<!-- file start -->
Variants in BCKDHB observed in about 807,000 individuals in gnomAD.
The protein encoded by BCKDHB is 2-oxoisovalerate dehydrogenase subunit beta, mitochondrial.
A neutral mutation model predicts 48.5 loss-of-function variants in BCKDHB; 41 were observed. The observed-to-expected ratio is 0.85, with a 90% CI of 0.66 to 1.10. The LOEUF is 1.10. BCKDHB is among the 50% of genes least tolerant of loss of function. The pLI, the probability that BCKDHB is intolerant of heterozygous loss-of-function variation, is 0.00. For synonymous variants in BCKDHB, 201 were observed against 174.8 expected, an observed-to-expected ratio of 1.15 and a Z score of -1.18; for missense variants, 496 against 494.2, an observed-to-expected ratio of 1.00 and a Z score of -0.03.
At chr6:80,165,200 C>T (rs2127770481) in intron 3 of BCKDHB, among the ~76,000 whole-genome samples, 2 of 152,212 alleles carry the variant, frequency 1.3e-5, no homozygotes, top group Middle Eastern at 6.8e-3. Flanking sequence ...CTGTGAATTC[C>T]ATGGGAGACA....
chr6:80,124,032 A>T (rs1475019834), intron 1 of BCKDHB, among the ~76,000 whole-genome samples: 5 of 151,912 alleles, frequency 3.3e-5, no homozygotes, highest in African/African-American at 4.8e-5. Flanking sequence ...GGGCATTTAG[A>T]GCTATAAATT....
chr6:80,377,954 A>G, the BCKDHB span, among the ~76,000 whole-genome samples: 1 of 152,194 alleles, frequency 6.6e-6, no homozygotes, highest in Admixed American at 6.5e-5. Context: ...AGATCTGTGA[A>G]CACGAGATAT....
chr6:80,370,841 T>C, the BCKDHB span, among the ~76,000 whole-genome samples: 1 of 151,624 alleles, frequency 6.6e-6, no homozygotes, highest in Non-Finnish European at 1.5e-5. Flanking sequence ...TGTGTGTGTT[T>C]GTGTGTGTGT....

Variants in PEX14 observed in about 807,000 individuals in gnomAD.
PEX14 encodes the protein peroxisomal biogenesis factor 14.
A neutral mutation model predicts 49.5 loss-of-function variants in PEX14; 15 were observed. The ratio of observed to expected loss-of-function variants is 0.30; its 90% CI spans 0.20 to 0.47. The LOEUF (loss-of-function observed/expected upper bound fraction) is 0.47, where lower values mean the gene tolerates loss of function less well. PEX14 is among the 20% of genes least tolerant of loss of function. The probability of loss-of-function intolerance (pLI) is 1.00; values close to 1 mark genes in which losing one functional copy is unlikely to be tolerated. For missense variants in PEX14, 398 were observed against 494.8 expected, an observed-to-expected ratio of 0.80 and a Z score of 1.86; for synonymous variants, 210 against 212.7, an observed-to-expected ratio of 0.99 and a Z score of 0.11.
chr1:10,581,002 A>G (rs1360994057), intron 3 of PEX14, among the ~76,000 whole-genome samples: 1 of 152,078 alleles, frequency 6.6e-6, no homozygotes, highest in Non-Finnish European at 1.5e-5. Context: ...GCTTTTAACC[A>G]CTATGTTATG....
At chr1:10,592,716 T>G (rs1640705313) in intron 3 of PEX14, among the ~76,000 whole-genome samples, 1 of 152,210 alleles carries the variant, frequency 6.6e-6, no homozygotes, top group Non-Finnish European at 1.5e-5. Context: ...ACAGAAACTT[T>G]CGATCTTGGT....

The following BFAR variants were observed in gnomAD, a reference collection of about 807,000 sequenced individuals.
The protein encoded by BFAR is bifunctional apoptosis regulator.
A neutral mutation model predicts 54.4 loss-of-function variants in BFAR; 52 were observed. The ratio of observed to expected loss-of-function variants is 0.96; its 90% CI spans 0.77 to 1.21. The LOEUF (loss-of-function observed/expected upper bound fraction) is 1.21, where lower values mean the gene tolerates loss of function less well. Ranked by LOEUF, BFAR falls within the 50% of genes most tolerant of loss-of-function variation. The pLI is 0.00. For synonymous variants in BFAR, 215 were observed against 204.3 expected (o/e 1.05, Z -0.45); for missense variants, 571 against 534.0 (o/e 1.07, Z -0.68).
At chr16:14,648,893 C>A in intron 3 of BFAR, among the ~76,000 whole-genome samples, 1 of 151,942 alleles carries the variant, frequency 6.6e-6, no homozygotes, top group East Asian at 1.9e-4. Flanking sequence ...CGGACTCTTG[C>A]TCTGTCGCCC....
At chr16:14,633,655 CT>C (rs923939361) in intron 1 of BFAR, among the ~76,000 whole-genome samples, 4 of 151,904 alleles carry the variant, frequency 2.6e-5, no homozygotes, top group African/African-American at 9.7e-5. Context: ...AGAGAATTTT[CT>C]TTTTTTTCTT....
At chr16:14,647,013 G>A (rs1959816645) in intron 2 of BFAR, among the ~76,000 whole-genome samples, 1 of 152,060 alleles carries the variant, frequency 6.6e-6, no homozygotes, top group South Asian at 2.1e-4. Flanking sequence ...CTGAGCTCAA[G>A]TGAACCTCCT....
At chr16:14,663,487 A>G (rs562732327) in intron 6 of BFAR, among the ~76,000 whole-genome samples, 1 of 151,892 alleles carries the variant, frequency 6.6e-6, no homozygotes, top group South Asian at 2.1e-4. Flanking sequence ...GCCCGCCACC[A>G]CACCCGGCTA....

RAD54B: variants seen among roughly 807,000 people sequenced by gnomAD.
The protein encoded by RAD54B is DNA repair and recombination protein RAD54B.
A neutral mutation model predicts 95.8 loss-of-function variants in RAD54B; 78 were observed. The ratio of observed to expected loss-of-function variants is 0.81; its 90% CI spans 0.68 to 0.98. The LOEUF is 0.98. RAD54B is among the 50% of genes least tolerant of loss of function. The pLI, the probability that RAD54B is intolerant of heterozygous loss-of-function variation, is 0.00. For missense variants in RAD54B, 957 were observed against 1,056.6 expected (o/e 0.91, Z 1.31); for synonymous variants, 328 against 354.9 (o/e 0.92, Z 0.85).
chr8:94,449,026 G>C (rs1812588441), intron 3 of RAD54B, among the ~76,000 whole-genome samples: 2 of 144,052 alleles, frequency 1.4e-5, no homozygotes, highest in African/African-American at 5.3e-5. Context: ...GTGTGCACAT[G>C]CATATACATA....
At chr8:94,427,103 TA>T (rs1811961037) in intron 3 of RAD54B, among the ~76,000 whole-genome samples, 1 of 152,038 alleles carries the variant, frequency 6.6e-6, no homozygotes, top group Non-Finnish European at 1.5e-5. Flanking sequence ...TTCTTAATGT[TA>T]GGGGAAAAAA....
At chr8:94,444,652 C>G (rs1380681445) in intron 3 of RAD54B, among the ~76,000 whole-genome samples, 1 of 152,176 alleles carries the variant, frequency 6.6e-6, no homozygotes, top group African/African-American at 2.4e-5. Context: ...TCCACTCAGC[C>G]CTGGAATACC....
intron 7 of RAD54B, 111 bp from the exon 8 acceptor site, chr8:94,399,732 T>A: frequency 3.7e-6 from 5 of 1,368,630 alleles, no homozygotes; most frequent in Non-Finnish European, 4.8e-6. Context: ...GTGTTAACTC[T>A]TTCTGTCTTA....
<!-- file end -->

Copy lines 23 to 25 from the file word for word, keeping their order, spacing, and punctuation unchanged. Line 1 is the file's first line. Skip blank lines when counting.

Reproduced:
chr8:94,449,026 G>C (rs1812588441), intron 3 of RAD54B, among the ~76,000 whole-genome samples: 2 of 144,052 alleles, frequency 1.4e-5, no homozygotes, highest in African/African-American at 5.3e-5. Context: ...GTGTGCACAT[G>C]CATATACATA....
At chr8:94,427,103 TA>T (rs1811961037) in intron 3 of RAD54B, among the ~76,000 whole-genome samples, 1 of 152,038 alleles carries the variant, frequency 6.6e-6, no homozygotes, top group Non-Finnish European at 1.5e-5. Flanking sequence ...TTCTTAATGT[TA>T]GGGGAAAAAA....
At chr8:94,444,652 C>G (rs1380681445) in intron 3 of RAD54B, among the ~76,000 whole-genome samples, 1 of 152,176 alleles carries the variant, frequency 6.6e-6, no homozygotes, top group African/African-American at 2.4e-5. Context: ...TCCACTCAGC[C>G]CTGGAATACC....